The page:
Objective: Is vacuum extraction-the method of first choice for assisting vaginal delivery in case of prolonged labor-losing ground in the developing world? And if it is, why? The paper tries to answer these disturbing questions, and examine their consequences.
Methods: A rapid Knowledge-Attitude-Practice (KAP) survey was conducted during 2003-2004 on the question of assisted vaginal delivery (AVD) by the use of the vacuum extractor. Public health specialists and obstetricians from 121 developing countries were consulted about their knowledge of the method in their country, its reputation (i.e. their attitude) and its use (practice).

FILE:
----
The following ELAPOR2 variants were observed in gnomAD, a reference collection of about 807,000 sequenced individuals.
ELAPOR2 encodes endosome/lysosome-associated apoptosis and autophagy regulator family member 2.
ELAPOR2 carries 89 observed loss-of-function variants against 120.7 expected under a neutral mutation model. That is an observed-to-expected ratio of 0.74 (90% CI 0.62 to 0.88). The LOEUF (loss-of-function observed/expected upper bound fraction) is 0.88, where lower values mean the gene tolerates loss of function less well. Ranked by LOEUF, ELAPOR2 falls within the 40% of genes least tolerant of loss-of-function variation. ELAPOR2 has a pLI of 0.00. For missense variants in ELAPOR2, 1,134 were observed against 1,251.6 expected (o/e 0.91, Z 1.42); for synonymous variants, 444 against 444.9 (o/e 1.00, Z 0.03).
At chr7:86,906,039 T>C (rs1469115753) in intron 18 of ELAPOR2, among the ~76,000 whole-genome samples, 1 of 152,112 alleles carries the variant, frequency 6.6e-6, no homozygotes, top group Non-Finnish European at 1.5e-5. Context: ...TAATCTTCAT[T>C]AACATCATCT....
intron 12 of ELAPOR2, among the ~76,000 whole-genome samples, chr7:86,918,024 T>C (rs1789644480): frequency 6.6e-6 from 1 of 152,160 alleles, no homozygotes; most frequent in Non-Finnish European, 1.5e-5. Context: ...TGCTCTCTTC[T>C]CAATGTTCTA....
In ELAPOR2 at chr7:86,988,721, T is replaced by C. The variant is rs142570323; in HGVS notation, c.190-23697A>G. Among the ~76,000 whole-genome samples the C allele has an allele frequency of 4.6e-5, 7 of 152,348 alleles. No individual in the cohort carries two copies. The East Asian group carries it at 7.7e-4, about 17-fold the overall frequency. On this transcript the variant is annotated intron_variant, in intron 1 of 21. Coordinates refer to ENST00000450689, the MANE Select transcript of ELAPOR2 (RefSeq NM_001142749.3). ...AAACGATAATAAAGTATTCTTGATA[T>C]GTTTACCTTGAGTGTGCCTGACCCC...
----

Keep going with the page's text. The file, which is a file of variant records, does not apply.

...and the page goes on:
Results: Overall 48% of the respondent countries have confirmed knowledge, positive attitude, teaching and countrywide use of the method, while 37% said the method is known and used by only a limited number of specialists who do not teach it, and 15% admitted no knowledge and therefore no use.
Conclusion: Given the evidence-based international recognition of the benefits of vacuum extraction (if practiced correctly and for appropriate indications), it is unjust to deprive women with prolonged labor (and their fetuses) of a simple intervention that can contribute to reducing life threatening complications. This unsophisticated worldwide survey, while not providing in-depth explanations, calls for rehabilitation of vacuum extraction in countries where it is disappearing and surgical extraction is not yet readily accessible to all women with prolonged labor.